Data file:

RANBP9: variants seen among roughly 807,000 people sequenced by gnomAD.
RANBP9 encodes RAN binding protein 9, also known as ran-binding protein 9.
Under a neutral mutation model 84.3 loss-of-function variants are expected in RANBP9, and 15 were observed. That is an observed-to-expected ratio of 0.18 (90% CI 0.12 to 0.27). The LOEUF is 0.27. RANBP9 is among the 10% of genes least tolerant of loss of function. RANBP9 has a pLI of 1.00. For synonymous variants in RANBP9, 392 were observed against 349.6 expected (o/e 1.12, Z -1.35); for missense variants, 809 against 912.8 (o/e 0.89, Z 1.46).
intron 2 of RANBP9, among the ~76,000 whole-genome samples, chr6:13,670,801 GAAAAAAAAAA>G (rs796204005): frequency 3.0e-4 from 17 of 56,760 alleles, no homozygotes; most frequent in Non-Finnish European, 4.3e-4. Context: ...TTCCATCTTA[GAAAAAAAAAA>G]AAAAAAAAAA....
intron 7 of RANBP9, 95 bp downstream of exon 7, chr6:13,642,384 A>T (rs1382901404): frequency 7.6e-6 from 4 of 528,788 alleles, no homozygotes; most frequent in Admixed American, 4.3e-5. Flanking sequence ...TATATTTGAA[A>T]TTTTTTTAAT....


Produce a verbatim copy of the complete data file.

RANBP9: variants seen among roughly 807,000 people sequenced by gnomAD.
RANBP9 encodes RAN binding protein 9, also known as ran-binding protein 9.
Under a neutral mutation model 84.3 loss-of-function variants are expected in RANBP9, and 15 were observed. That is an observed-to-expected ratio of 0.18 (90% CI 0.12 to 0.27). The LOEUF is 0.27. RANBP9 is among the 10% of genes least tolerant of loss of function. RANBP9 has a pLI of 1.00. For synonymous variants in RANBP9, 392 were observed against 349.6 expected (o/e 1.12, Z -1.35); for missense variants, 809 against 912.8 (o/e 0.89, Z 1.46).
intron 2 of RANBP9, among the ~76,000 whole-genome samples, chr6:13,670,801 GAAAAAAAAAA>G (rs796204005): frequency 3.0e-4 from 17 of 56,760 alleles, no homozygotes; most frequent in Non-Finnish European, 4.3e-4. Context: ...TTCCATCTTA[GAAAAAAAAAA>G]AAAAAAAAAA....
intron 7 of RANBP9, 95 bp downstream of exon 7, chr6:13,642,384 A>T (rs1382901404): frequency 7.6e-6 from 4 of 528,788 alleles, no homozygotes; most frequent in Admixed American, 4.3e-5. Flanking sequence ...TATATTTGAA[A>T]TTTTTTTAAT....